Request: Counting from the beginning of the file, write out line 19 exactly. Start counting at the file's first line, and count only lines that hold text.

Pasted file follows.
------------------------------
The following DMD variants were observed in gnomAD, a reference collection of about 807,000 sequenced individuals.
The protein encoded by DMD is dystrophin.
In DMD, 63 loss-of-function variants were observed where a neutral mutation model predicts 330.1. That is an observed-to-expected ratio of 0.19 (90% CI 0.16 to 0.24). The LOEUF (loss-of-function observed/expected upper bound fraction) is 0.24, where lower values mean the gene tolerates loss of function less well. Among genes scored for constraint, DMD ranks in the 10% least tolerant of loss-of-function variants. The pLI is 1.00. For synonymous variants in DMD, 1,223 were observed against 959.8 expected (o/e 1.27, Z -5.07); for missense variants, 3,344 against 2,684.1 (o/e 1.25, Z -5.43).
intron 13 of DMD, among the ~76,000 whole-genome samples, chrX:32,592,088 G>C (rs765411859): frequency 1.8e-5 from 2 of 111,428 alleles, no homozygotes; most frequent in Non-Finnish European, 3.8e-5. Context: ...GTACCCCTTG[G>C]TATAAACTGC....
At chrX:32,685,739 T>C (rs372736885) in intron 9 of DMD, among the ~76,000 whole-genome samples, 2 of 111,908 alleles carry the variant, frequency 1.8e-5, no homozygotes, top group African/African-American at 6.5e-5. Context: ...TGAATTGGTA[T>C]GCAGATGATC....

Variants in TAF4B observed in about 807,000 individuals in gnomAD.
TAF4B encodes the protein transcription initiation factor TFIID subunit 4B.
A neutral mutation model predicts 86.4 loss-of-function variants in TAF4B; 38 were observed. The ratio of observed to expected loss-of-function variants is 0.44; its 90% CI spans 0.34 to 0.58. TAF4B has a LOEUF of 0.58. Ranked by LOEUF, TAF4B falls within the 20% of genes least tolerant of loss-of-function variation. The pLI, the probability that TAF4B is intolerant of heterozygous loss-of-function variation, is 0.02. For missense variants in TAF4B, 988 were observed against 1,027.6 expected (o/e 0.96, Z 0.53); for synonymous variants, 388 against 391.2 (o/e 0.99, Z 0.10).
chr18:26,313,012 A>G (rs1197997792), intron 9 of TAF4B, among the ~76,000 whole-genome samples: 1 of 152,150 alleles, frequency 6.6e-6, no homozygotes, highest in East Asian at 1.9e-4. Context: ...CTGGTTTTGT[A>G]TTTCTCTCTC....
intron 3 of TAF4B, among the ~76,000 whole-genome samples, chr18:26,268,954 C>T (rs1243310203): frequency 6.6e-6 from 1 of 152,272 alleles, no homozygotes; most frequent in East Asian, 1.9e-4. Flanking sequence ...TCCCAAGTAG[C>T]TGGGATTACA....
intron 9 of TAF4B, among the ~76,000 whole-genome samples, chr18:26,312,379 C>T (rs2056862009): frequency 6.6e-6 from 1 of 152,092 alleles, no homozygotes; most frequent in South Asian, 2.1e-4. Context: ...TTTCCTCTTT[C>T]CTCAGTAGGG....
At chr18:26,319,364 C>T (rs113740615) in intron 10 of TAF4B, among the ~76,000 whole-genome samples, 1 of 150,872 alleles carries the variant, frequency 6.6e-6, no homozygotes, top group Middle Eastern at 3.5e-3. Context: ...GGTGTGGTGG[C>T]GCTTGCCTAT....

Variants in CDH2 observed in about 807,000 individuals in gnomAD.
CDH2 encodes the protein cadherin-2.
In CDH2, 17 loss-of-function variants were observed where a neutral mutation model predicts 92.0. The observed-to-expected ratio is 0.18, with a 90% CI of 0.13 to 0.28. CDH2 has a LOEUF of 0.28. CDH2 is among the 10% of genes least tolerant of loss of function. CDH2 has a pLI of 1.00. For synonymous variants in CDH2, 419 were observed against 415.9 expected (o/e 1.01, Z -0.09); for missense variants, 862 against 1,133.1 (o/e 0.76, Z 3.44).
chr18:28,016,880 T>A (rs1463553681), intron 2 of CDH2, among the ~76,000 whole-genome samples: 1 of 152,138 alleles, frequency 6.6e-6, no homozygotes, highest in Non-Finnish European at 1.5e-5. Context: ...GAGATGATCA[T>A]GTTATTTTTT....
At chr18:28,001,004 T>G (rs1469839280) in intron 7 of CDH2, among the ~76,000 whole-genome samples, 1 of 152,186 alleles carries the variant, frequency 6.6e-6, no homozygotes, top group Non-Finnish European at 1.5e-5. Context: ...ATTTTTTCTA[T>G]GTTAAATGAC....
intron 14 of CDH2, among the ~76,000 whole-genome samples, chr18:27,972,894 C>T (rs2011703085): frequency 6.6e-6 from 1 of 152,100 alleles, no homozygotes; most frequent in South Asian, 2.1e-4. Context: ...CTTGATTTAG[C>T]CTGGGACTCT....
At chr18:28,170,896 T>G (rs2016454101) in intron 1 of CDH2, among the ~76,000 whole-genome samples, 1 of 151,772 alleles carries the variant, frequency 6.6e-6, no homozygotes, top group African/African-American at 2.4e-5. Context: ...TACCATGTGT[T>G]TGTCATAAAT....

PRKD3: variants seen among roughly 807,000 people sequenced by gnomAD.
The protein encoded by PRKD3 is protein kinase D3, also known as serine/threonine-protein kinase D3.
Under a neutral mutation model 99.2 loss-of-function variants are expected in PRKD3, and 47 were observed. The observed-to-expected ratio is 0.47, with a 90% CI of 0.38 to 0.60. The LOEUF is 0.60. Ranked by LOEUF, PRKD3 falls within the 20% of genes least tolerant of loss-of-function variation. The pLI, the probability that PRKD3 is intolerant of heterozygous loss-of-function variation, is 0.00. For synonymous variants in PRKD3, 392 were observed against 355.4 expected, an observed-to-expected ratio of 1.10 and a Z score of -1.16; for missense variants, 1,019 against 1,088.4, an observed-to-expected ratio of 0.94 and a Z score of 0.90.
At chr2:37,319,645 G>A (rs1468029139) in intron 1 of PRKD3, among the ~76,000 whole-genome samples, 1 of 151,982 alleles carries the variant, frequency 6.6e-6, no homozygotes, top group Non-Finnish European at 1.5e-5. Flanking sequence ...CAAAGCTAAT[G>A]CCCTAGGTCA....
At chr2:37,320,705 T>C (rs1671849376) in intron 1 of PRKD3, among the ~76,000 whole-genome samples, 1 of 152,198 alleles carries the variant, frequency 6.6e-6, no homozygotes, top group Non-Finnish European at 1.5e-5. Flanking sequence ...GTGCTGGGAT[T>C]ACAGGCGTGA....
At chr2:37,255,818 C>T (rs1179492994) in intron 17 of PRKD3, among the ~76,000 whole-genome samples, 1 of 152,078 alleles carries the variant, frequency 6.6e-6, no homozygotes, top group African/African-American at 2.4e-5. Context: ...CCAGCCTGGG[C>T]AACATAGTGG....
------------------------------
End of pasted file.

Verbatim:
At chr18:28,170,896 T>G (rs2016454101) in intron 1 of CDH2, among the ~76,000 whole-genome samples, 1 of 151,772 alleles carries the variant, frequency 6.6e-6, no homozygotes, top group African/African-American at 2.4e-5. Context: ...TACCATGTGT[T>G]TGTCATAAAT....